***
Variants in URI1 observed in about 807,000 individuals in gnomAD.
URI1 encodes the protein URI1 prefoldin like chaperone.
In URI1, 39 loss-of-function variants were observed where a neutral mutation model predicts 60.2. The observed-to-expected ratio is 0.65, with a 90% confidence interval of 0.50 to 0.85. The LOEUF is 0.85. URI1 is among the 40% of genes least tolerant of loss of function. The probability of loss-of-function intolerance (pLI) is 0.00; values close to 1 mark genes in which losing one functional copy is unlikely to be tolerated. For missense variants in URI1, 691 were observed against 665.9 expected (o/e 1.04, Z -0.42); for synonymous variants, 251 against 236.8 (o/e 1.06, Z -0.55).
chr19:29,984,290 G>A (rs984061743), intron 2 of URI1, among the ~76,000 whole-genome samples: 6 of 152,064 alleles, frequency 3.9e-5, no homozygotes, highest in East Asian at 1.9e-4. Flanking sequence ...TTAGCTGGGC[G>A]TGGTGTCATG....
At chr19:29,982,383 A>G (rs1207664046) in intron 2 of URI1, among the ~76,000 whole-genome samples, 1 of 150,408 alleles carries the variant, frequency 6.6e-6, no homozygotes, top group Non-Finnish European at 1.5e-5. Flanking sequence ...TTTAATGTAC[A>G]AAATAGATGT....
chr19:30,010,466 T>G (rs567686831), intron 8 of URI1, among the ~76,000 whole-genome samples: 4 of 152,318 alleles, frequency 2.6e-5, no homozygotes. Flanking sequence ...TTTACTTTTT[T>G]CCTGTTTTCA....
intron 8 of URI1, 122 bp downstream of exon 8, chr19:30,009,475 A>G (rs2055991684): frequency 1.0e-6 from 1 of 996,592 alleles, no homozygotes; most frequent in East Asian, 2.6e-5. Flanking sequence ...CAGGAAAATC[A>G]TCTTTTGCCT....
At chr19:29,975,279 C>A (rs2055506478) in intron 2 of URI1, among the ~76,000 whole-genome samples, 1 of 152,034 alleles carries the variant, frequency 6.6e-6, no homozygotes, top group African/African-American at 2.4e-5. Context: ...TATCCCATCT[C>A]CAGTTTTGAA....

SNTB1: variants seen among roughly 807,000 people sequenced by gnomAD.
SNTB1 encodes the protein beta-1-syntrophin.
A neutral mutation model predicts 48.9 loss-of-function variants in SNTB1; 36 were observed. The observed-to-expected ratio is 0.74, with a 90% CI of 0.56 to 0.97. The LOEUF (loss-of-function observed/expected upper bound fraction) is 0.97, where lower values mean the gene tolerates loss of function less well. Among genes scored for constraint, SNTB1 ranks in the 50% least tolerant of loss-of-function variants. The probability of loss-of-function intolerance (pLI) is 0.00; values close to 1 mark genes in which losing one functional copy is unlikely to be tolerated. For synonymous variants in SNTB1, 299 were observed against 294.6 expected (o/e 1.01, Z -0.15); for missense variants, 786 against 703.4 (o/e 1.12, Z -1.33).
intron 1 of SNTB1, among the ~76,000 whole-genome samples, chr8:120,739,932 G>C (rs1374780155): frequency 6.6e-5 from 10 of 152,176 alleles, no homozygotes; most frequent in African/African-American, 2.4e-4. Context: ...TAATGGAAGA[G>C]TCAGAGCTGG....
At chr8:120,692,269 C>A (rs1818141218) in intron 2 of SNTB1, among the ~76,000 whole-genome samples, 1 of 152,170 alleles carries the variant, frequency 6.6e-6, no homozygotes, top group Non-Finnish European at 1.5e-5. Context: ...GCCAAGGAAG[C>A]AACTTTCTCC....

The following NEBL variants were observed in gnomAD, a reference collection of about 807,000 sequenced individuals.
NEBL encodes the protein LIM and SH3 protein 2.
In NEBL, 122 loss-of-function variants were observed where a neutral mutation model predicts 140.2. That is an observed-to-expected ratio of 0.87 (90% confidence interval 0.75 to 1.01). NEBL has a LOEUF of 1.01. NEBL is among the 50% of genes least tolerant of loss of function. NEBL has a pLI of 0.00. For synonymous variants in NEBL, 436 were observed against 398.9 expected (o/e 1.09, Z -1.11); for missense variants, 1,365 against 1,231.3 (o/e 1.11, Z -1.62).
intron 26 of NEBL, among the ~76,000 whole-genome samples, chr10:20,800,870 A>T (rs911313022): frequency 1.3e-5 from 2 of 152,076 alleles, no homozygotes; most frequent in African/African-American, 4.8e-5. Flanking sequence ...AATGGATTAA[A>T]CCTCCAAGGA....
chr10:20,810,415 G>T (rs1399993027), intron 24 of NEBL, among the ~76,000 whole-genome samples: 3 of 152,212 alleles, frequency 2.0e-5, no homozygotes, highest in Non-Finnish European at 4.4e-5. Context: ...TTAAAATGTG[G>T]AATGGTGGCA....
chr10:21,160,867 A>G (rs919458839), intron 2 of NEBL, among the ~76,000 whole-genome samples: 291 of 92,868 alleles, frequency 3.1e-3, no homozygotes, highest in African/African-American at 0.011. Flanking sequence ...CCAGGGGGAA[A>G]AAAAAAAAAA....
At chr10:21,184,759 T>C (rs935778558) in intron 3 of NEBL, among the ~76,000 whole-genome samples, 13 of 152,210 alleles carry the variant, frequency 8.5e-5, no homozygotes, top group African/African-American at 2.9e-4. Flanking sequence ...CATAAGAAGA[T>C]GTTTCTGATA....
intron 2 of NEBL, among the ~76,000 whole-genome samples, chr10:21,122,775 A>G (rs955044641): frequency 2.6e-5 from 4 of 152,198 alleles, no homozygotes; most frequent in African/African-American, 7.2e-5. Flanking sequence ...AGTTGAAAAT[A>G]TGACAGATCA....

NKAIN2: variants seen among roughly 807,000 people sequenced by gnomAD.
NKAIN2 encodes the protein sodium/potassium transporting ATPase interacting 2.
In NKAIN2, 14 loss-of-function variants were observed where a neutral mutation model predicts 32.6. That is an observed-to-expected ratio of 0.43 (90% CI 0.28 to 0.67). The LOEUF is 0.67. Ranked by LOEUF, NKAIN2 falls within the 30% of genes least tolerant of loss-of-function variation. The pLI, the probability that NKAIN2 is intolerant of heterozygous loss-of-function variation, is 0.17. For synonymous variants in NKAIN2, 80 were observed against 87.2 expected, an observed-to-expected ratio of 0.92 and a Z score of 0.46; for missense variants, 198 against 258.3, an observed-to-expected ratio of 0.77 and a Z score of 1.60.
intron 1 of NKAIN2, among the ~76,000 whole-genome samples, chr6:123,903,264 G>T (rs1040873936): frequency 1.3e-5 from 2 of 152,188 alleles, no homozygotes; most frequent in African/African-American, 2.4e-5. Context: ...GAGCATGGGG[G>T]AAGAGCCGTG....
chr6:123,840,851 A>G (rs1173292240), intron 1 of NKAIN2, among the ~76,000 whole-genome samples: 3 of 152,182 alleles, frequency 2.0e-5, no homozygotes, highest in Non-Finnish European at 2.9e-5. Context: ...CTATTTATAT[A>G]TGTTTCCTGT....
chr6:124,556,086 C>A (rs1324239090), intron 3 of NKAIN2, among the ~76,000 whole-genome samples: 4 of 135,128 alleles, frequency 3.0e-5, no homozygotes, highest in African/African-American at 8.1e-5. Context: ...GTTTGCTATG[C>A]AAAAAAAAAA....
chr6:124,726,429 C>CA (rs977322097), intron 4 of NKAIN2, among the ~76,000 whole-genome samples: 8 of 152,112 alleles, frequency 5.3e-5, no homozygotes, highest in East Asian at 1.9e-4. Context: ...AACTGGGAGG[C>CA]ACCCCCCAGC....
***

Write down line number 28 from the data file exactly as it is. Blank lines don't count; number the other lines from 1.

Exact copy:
chr6:124,726,429 C>CA (rs977322097), intron 4 of NKAIN2, among the ~76,000 whole-genome samples: 8 of 152,112 alleles, frequency 5.3e-5, no homozygotes, highest in East Asian at 1.9e-4. Context: ...AACTGGGAGG[C>CA]ACCCCCCAGC....